Permafrost thaw is threatening homes and infrastructure in Siberia and the Russian Arctic
"There isn't a single settlement in Russia's Arctic where you wouldn't find a destroyed or deformed building."
CHURAPCHA, Russia — The old airport in the Siberian settlement of Churapcha has been unusable for years, its runway transformed into a swampy field of puffed-up mounds and reliefs.
Like cities and towns across northern and northeastern Russia, Churapcha is suffering the consequence of climate change thawing the permafrost on which everything is built.
“There isn’t a single settlement in Russia’s Arctic where you wouldn’t find a destroyed or deformed building,” said Alexey Maslakov, a scientist at Moscow State University.
Homes are becoming separated from sinking earth. Pipelines and storage facilities are under threat. Roads are increasingly in need of repair.
As Russia warms 2.8 times faster than the global average, the melting of Siberia’s long-frozen tundra is releasing greenhouse gases that scientists fear could frustrate global efforts to curb climate-warming emissions.
With permafrost covering 65 percent of Russia’s landmass, the costs are already mounting.
Russia could face 7 trillion roubles ($97 billion) in infrastructure damage by 2050 if the rate of warming continues, said Mikhail Zheleznyak, director of Yakutsk’s Melnikov Permafrost Institute.
The bumpy landscape around Churapcha, located some 5,000 kilometers (3,100 miles) east of Moscow, resembles giant sheets of bubble wrap in places where ice wedges inside the ground have melted, causing the ground to crumble, sag or cave in altogether.
“Roads, electric power supply lines, gas pipelines, oil pipelines — all linear structures respond primarily to the warming climate and its impact on the permafrost,” said Alexander Fyodorov, deputy director of the Permafrost Institute.
‘We have to adapt’
Built in the 1960s and 1970s as Soviet Russia expanded into the Arctic, many buildings in the far north and far east were constructed with the assumption that the permafrost — frozen for millennia — was sturdy and would never thaw.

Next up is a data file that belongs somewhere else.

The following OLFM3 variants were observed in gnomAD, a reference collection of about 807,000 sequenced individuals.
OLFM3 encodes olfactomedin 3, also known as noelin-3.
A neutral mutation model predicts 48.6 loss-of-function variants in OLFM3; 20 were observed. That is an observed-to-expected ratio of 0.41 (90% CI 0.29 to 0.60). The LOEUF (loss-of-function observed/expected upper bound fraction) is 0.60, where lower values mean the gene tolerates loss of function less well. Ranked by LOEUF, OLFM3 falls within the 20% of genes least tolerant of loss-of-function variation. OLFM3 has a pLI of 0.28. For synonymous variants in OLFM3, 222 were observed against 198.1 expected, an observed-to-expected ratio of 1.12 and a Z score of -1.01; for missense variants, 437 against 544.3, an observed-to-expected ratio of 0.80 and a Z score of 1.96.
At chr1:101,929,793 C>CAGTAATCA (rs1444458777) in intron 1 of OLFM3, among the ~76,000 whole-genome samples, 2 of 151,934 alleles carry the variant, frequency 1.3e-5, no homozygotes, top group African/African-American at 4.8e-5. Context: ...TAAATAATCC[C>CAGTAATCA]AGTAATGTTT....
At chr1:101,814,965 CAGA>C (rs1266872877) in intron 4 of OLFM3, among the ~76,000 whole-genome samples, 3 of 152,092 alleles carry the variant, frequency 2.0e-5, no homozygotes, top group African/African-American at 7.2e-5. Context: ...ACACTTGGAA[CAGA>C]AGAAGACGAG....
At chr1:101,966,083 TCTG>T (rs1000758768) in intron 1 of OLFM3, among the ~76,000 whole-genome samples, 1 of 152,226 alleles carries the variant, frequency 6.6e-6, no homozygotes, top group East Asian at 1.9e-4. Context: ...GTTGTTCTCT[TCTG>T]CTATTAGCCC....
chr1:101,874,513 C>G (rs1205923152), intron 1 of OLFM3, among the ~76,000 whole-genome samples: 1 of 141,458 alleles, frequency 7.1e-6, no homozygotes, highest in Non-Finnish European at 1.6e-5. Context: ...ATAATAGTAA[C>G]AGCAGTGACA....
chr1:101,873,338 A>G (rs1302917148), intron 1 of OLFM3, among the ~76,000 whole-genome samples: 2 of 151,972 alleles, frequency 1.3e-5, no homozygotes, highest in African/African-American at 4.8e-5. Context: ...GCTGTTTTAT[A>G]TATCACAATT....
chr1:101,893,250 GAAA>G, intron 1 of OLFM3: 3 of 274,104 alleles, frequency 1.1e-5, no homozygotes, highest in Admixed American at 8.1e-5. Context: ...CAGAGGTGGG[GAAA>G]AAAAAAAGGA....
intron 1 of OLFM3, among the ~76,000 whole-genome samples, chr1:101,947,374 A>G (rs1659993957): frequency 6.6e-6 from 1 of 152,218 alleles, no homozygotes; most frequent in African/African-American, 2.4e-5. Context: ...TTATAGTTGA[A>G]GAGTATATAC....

Apartment blocks sit atop stilts driven meters into the ground.
Churapcha, with a population of 10,000, saw its airport closed in the 1990s because of the melt, scientists say.
Over the years, the once-smooth runway has become a mottled field that looks more like a dragon’s back, as the ground sinks and the ice melts. Eventually, the area could become a lake, according to scientists.
Fyodorov at the Permafrost Institute has been studying the site for years, and found that some areas were subsiding at an average rate of 2-4 centimeters a year, while others were sinking by up to 12 centimeters annually.
In eight settlements in central Yakutia, a region in northeast Russia, 72 percent of people surveyed by the North-Eastern State University said they have had problems with the subsidence of their homes’ foundations, said Fyodorov.
Across Russia, there are more than 15 million people living on permafrost foundations. Russia is investing to better monitor the subterranean thaw.
“We don’t know what’s actually happening to it,” Ecology Minister Alexander Kozlov said in August. “We need the monitoring not only to follow what is melting and how. Scientists will use it to predict its consequences and learn how to prevent accidents.”
The ministry plans to deploy 140 monitoring stations, each with up to 30-meter wells to measure the situation underground. While that may help determine how quickly the region is thawing, it won’t help villagers like Yegor Dyachkovsky whose home is already buckling at Churapcha’s former airport.
In the five years since his family built their home, the ground has sunk below it. At first the home was raised 30 centimeters off the ground on its stilt foundations. The gap is now a full meter.
Dyachkovsky has brought five truckloads of soil to fill the gap between the ground and his home, and says he still needs more.
Some of his neighbors are trying to sell their homes.
“Everyone is trying to figure out the situation on their own,” said Sergei Atlasov, another Churapcha resident.
But Dyachkovsky’s family is actually building a garage and seems ready to take his chances.
“How can we go against nature? We have to adapt,” Dyachkovsky said. “It’s like this everywhere. There’s no one to complain to. To the spirit up high, perhaps.”
Additional reporting by Maria Vasilyeva and Dmitry Turlyun; Writing by Tom Balmforth.